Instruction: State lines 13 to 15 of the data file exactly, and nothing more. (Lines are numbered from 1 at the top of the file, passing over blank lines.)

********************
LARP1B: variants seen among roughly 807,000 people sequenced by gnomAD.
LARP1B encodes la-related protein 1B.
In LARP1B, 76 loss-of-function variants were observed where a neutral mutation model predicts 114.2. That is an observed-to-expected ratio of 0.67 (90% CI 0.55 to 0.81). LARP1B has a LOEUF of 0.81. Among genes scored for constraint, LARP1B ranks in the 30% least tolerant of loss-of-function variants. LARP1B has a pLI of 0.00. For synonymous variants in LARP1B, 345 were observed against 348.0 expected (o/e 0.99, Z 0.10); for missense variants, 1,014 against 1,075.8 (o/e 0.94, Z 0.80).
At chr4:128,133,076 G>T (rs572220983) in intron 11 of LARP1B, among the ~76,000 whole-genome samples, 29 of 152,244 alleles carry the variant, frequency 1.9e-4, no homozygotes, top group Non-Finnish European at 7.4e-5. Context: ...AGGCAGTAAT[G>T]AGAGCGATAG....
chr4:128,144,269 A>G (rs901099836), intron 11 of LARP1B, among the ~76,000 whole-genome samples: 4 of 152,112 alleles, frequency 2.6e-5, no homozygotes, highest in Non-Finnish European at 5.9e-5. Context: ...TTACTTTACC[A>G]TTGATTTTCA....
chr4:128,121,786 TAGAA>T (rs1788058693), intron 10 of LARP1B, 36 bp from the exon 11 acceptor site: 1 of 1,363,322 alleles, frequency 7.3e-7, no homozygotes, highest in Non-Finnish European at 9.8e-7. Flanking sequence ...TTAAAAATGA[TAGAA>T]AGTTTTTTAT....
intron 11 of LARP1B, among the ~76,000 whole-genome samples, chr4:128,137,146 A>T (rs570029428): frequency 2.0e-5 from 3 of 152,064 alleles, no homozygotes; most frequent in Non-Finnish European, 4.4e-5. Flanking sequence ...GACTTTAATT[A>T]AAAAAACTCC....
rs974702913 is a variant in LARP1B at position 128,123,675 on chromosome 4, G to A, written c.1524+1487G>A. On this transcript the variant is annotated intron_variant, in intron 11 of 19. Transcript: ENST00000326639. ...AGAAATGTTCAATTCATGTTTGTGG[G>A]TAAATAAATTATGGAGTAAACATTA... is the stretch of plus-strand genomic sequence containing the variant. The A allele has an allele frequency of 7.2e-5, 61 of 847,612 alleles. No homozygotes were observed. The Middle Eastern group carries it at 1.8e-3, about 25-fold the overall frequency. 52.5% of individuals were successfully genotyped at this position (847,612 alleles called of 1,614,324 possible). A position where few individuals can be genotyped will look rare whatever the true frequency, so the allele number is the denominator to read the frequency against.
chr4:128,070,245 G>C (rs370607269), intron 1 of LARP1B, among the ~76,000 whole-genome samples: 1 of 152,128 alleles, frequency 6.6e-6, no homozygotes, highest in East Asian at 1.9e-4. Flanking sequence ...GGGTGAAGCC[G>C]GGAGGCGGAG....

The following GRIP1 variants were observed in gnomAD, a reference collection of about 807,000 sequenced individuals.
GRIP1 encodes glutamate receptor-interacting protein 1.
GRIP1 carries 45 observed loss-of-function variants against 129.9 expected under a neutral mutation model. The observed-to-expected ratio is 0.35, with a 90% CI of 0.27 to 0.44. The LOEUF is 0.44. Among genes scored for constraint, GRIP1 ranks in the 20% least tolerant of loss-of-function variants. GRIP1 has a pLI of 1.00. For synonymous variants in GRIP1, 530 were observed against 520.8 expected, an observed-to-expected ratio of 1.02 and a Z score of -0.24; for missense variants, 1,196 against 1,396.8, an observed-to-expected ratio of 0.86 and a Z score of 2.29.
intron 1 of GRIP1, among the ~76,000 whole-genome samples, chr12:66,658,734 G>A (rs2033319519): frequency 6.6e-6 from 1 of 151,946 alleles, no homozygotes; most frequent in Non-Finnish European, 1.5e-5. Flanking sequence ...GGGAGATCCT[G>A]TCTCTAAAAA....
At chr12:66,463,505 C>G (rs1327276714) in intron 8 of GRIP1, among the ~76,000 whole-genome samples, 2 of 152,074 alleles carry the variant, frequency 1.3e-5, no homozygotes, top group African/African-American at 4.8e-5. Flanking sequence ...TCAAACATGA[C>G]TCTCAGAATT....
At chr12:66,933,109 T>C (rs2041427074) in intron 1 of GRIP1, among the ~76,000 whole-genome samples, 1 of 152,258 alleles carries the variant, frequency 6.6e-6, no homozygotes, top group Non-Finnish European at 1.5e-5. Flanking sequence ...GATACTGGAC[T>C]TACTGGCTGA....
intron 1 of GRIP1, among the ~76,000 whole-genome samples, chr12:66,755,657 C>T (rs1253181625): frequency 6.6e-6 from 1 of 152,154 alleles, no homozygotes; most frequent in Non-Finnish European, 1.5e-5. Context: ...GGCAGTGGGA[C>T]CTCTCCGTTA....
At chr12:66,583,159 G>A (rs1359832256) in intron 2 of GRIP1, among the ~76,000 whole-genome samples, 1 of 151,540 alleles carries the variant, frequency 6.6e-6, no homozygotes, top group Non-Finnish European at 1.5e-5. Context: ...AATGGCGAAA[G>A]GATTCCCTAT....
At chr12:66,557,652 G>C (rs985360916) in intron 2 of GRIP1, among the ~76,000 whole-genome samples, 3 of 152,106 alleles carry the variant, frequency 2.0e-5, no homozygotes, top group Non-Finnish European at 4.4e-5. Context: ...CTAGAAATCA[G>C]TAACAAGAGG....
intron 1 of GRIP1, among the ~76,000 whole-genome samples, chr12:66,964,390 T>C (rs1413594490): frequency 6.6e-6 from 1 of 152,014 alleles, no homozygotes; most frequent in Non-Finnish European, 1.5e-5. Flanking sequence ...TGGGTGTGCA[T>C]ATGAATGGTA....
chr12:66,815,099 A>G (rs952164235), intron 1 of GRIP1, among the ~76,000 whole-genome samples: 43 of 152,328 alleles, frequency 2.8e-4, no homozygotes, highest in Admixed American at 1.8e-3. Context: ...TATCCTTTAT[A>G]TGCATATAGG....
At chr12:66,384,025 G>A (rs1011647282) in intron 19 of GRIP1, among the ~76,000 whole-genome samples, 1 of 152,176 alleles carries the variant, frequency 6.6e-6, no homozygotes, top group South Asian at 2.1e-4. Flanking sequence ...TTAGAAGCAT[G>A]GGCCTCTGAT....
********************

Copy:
intron 1 of GRIP1, among the ~76,000 whole-genome samples, chr12:66,658,734 G>A (rs2033319519): frequency 6.6e-6 from 1 of 151,946 alleles, no homozygotes; most frequent in Non-Finnish European, 1.5e-5. Flanking sequence ...GGGAGATCCT[G>A]TCTCTAAAAA....
At chr12:66,463,505 C>G (rs1327276714) in intron 8 of GRIP1, among the ~76,000 whole-genome samples, 2 of 152,074 alleles carry the variant, frequency 1.3e-5, no homozygotes, top group African/African-American at 4.8e-5. Flanking sequence ...TCAAACATGA[C>G]TCTCAGAATT....
At chr12:66,933,109 T>C (rs2041427074) in intron 1 of GRIP1, among the ~76,000 whole-genome samples, 1 of 152,258 alleles carries the variant, frequency 6.6e-6, no homozygotes, top group Non-Finnish European at 1.5e-5. Flanking sequence ...GATACTGGAC[T>C]TACTGGCTGA....